After five years of construction, an international team has put the finishing touches on the University of Wisconsin’s IceCube Neutrino Observatory. Located in Antarctica, the observatory is looking specifically for high-energy neutrinos, which are created in violent cosmic events such as super novae and gamma ray bursts. As neutrinos collide with water molecules in the pitch black, ultra-clear ice, a blue flash of light results, which is detected by the sensors. Ever since neutrinos were discovered in 1956, scientists have hoped to decipher the information these astronomical messengers carry about distant cosmic events and the completion of the observatory marks an important step towards tracing their origins.
The business end of the observatory consists of 5,160 optical sensors that have been joined together in groups of 60 on a total of 86 “strings.” Each string has been lowered into an individual vertical bore hole in the Antarctic ice cap, the holes arranged in a grid. Now that all the strings are frozen in place, the sensors on them make up a one-square-kilometer cube-shaped matrix, the top of which sits 1.24 miles (2 km) below the surface of the ice.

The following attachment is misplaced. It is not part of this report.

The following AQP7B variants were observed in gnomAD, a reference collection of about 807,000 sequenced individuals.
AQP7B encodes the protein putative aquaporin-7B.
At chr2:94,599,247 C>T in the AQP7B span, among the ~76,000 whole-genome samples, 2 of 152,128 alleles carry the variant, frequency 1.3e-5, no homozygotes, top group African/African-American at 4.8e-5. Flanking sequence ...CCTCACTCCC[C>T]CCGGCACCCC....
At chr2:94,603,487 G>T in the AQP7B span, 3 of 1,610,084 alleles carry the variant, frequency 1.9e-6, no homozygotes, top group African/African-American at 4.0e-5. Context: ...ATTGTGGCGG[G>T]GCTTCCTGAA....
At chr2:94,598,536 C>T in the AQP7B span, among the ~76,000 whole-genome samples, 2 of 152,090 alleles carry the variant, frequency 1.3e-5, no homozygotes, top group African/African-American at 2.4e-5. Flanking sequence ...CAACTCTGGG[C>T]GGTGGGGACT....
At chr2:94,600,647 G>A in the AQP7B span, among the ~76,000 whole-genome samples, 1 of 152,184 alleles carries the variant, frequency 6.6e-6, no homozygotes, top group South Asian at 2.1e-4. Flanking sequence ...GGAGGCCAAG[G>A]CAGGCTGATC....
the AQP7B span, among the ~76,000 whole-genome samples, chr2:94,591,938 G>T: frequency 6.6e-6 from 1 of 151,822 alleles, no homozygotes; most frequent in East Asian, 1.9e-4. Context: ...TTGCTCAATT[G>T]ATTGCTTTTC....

To get the project finished on time and on budget, crews worked around the clock, as construction was limited to the summer months of November through February. Even then, all personnel and supplies had to first be flown into the McMurdo research station, then transported 800 miles (1,287 km) by C-130 cargo aircraft to the National Science Foundation's Amundsen-Scott South Pole Station. The observatory is located in the ice beneath that facility.
In order to bore the holes in the ice, U Wisconsin scientists created a 4.8-megawatt Enhanced Hot Water Drill. By focusing a jet of hot water into the ice, the device was able to bore over 1.24 miles (2 km) down per day. Although it was completed only last week, IceCube has been gathering data since construction began in 2005. As more strings of sensors were added, the amount of data that could be gathered increased.
“Even in this challenging phase of the project, we published results on the search for dark matter and found an intriguing pattern in the arrival directions of cosmic rays,” said principal investigator Prof. Francis Halzen. “With the completion of IceCube, we are on our way to reaching a level of sensitivity that may allow us to see neutrinos from sources beyond the sun.”